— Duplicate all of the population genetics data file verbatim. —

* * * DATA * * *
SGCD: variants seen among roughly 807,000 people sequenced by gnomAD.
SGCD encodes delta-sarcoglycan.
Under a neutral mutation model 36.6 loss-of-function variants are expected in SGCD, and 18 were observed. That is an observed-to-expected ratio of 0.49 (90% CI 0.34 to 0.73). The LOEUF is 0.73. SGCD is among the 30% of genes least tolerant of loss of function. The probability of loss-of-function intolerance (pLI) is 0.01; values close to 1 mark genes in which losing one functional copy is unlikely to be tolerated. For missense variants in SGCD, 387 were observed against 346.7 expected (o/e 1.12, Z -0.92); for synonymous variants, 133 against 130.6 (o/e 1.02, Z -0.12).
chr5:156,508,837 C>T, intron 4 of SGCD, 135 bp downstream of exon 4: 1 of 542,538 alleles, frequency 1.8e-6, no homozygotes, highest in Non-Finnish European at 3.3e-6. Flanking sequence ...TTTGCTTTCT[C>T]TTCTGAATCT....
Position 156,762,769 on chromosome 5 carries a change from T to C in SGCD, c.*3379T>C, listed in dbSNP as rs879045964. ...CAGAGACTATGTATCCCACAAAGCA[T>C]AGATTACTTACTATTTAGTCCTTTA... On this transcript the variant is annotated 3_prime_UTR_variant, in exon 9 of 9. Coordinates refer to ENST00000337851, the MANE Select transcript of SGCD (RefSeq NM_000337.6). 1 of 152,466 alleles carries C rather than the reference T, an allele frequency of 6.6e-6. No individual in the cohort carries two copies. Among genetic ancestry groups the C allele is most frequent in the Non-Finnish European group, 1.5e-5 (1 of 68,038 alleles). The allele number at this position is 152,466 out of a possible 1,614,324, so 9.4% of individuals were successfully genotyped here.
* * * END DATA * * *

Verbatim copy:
SGCD: variants seen among roughly 807,000 people sequenced by gnomAD.
SGCD encodes delta-sarcoglycan.
Under a neutral mutation model 36.6 loss-of-function variants are expected in SGCD, and 18 were observed. That is an observed-to-expected ratio of 0.49 (90% CI 0.34 to 0.73). The LOEUF is 0.73. SGCD is among the 30% of genes least tolerant of loss of function. The probability of loss-of-function intolerance (pLI) is 0.01; values close to 1 mark genes in which losing one functional copy is unlikely to be tolerated. For missense variants in SGCD, 387 were observed against 346.7 expected (o/e 1.12, Z -0.92); for synonymous variants, 133 against 130.6 (o/e 1.02, Z -0.12).
chr5:156,508,837 C>T, intron 4 of SGCD, 135 bp downstream of exon 4: 1 of 542,538 alleles, frequency 1.8e-6, no homozygotes, highest in Non-Finnish European at 3.3e-6. Flanking sequence ...TTTGCTTTCT[C>T]TTCTGAATCT....
Position 156,762,769 on chromosome 5 carries a change from T to C in SGCD, c.*3379T>C, listed in dbSNP as rs879045964. ...CAGAGACTATGTATCCCACAAAGCA[T>C]AGATTACTTACTATTTAGTCCTTTA... On this transcript the variant is annotated 3_prime_UTR_variant, in exon 9 of 9. Coordinates refer to ENST00000337851, the MANE Select transcript of SGCD (RefSeq NM_000337.6). 1 of 152,466 alleles carries C rather than the reference T, an allele frequency of 6.6e-6. No individual in the cohort carries two copies. Among genetic ancestry groups the C allele is most frequent in the Non-Finnish European group, 1.5e-5 (1 of 68,038 alleles). The allele number at this position is 152,466 out of a possible 1,614,324, so 9.4% of individuals were successfully genotyped here.